This really bothered me for awhile.   I realize now genealogy has a huge learning curve.  When you start, you come in with this Disneyesque ideas of what your family tree will look like.  You have no clue of the challenges that await you, the long hours bent over a microfilm readers and computer keyboards, the months waiting for that one birth certificate to arrive via mail.   You haven’t realized there are errors on documents.  You don’t yet comprehend that your relative’s memories are helpful but they cannot be fully depended on.   And, you do not grasp that people change their narrative when necessary.  You are so naive in that “I can’t believe I found them all living together!” way that colors our first couple years of research.

Once you make these realizations, usually after finding inconsistencies, you go back over your research to find further proof.    Those trees that others have submitted online are long before I became the genealogist I am today.

My second reason probably has happened to every genealogist since the beginning of time.  I will be brought in on a conversation and find a cousin relaying information that is simply not true.   They may be stories I’ve already corrected.  They may be all new ones.  But, because I’ve worked on the family tree so long, there are certain facts that I know for sure and I cringe when I hear otherwise.  I feel obligated to set people straight.  I want them to have the right information about our shared ancestry.  I can only do that by sharing.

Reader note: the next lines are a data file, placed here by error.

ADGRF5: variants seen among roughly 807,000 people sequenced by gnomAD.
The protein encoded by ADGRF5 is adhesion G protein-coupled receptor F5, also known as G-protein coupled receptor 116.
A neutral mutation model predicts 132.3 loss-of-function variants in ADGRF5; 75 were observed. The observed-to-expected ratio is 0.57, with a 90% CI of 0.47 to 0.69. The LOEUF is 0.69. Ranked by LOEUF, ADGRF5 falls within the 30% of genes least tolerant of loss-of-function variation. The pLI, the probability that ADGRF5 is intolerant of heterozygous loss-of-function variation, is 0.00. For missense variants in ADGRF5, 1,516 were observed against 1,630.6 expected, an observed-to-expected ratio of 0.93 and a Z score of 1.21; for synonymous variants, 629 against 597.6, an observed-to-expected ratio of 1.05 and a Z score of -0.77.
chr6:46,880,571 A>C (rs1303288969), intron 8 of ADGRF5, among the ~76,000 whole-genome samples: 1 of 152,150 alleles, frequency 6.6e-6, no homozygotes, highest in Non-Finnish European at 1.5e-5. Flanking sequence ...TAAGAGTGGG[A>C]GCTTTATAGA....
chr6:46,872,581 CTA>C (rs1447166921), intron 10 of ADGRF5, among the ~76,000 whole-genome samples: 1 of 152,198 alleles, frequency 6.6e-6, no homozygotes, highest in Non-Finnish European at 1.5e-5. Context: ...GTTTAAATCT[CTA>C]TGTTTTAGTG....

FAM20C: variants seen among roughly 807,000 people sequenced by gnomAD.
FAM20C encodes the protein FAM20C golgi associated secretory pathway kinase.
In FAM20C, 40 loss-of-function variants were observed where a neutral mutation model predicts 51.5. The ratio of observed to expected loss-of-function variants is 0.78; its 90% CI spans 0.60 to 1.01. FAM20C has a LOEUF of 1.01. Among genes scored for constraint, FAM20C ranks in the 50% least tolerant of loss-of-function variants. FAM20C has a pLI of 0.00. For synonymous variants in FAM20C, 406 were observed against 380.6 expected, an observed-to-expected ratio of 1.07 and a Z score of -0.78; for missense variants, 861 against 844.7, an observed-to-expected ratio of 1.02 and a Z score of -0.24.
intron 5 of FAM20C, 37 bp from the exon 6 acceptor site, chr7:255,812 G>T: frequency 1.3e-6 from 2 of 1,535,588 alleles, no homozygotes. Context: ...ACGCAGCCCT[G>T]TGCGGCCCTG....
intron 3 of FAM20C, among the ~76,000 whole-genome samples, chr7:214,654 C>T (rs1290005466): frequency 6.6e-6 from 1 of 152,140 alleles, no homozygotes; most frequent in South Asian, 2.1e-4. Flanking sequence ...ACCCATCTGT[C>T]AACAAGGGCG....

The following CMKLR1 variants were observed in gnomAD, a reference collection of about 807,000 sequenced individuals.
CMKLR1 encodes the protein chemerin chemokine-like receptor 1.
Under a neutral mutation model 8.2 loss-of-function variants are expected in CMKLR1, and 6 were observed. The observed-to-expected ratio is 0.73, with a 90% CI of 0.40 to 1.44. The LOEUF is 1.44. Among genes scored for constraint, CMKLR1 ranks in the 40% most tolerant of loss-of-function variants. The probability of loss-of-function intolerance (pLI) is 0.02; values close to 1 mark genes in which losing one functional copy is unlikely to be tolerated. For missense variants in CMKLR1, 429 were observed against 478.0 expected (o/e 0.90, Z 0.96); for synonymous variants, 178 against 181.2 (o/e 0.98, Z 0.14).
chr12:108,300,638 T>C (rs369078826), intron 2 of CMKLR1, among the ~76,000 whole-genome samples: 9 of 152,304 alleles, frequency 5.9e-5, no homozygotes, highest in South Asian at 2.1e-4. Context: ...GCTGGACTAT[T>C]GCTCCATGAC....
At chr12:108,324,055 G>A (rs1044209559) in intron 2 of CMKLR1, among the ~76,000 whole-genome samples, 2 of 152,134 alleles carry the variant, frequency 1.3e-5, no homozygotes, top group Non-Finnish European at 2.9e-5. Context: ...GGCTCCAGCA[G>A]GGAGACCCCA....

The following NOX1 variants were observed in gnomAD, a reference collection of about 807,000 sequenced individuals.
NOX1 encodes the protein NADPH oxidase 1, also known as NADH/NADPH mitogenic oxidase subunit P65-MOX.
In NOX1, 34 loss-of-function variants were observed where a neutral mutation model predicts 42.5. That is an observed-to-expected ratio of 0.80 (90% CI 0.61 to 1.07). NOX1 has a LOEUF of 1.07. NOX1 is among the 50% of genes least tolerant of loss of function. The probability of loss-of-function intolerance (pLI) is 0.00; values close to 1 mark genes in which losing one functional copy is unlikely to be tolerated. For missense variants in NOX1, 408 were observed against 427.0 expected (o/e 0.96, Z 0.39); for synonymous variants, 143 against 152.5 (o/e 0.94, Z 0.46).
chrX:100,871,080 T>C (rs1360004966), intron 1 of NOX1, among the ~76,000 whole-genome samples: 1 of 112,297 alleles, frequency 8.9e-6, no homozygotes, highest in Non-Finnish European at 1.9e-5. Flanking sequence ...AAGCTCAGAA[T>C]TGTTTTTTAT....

Finally, there is simply no better way to put cousin bait out there than posting your family tree!  As I work on this little hobby, I realize that my tree spreads into several parts of the world and parts of the US that I did not originally realize.  By posting my tree online, someone in the Azores, Ireland, or France might see my data.  A cousin back in Massachusetts might find me. They might recognize the names as part of their tree.  And, then the two sides can link up once again.  Wouldn’t that be cool?
These things as well as others made me decide it was time to post my family tree online.  After all, if anyone is going to screw up my data, it’s going to be me, darn it!  (Wait…that can’t be the message I want to get across…  On a serious note, I would rather post my tree with information that is accurate to the best of my knowledge at this time and have folks share it and reshare it until eternity than to see information being shared that is simply not true.  I would rather my cousins be able to go to my posted tree, see their ancestry, ask questions, and learn from  it.  I would also like them to have the opportunity to add to it and share what they know.  I certainly don’t know everything and getting stories from the people who knew these people in real life is a benefit to any family tree.